The argument that this intellectual property takes time and money to develop is not a wholly disingenuous one, especially in an economic climate where apparel sales are falling across the board (and faster among plus-sizes).
For mass market retailers, whose main manufacturing costs are for raw materials, not labor, fabric-use-intensive plus sizes can be seen as more expensive for this additional reason. But the thing is, the fashion industry tolerates so much ambient waste at all levels that highlighting fabric expenses is more than a little off. A factory running at maximum efficiency would in any case make up this cost when it produced petite sizes, which use less fabric.
Complicating all this is the fact that there is no single plus-size woman. People of the same weight can and do have radically divergent body shapes, and at the upper reaches of the size range, these differences are magnified. A size 16 cut for a body with average bust-waist-hip proportions won't fit a size 16 woman who is significantly bustier than the fit model, or one who has heavier hips and thighs. Retailers see a point of diminishing returns in plus sizes — each new size is a separate set of investments in fit and pattern development, and the number of women the product might reach does get smaller and smaller. Banging out a few more size 4 and 6 tops, on the other hand, is simple. What's worse, to reduce these costs, retailers rely disproportionately on stretch fabrics and looser cuts for what plus ranges they do offer — and these can often be unflattering. It's a lose-lose.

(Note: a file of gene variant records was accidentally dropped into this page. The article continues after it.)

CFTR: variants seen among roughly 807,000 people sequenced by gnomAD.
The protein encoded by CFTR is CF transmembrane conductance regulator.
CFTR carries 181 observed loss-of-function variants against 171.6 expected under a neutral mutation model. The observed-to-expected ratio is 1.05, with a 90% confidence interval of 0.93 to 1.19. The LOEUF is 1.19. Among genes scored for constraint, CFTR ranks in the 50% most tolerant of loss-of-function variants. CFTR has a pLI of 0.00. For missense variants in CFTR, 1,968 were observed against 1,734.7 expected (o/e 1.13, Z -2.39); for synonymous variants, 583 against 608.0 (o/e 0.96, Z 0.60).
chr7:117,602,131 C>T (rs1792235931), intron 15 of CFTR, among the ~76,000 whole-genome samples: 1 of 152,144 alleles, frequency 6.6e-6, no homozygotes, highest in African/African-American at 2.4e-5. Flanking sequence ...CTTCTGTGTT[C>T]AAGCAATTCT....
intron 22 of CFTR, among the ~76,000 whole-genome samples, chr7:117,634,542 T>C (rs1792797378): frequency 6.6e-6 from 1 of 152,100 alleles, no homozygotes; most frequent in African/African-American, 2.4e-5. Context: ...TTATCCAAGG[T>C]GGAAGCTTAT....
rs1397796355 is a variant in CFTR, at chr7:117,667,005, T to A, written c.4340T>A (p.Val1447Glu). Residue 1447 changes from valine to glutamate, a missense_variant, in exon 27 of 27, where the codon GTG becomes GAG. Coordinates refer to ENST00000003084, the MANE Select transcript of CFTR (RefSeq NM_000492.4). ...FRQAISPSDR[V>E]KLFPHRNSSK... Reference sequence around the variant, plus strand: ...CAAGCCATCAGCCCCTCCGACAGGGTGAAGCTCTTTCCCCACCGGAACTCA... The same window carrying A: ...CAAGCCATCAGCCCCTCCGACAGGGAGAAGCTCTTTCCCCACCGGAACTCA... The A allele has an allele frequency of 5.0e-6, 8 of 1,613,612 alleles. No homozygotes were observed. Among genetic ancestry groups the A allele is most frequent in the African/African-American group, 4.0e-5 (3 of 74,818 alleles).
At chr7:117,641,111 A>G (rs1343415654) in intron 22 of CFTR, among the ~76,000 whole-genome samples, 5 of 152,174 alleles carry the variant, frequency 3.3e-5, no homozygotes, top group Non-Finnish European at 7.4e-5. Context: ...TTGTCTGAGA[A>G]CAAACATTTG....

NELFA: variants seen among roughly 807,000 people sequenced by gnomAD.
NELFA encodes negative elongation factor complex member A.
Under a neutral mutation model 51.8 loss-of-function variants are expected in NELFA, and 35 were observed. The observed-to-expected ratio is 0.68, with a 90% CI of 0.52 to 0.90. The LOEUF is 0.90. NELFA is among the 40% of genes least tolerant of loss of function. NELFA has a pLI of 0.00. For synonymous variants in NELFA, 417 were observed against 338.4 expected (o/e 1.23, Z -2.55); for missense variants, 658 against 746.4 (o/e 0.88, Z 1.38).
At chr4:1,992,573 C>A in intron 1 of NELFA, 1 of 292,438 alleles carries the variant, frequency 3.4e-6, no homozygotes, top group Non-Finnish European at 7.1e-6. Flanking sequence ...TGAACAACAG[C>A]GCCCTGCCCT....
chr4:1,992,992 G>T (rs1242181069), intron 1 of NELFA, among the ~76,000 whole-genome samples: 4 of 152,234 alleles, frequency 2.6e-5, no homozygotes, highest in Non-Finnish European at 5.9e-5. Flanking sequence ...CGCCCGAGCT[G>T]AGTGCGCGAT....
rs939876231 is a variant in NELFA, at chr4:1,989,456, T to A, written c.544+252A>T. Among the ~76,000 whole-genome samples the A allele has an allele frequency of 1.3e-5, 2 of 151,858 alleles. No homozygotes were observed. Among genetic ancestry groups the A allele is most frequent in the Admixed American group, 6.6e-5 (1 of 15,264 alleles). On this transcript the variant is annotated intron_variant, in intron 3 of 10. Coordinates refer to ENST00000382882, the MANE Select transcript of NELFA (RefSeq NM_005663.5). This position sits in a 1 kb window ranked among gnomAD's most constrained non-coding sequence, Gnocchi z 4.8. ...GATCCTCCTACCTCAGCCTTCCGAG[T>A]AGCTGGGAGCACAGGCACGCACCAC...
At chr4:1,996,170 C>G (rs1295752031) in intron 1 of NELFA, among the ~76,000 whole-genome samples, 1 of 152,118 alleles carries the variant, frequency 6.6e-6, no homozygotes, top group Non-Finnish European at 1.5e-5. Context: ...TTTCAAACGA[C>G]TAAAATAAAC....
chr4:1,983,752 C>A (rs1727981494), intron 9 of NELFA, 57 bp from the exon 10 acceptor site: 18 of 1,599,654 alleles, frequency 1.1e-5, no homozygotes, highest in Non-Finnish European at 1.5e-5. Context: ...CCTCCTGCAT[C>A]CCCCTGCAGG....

And when it comes to the designer market, which is the sector of the apparel industry that should have the money and the attention to detail to really create properly tailored plus-size pieces, there is genuine fat phobia at play. With a high-fashion example set by the likes of Anna "little houses" Wintour, it's not hard to wonder why. I've heard designers sneer at the thought of making a U.S. size 8. It's depressing as hell to watch the wave of standard capitalist interest break against a rock of pure sizism, and roll away. Pricier brands that do offer larger sizes, like Eileen Fisher, have managed to do so for years without harming their brand image.
The truth is, that if the cost of garment development were the only reason that plus-size ranges are making a hasty exit from shop shelves, we would be seeing the discontinuation of petite lines, too, because they face all of the same expenses. And that hasn't been happening. Moreover, the excuse about cost boils down to complaining that making clothes that fit most women is really hard — and that doesn't sound quite right coming from companies who are in the business of clothing women. Given the market share at stake, how is it that nobody is willing to step up and do cute, well-fitting clothes in larger sizes?
The Real Reason That Ann Taylor Hates Plus Sizes — It Has Nothing To Do With Fat-Phobia [Double X]
Petite Fashion [YouTube]
Plus Sizes A Fashion Victim [Crain's]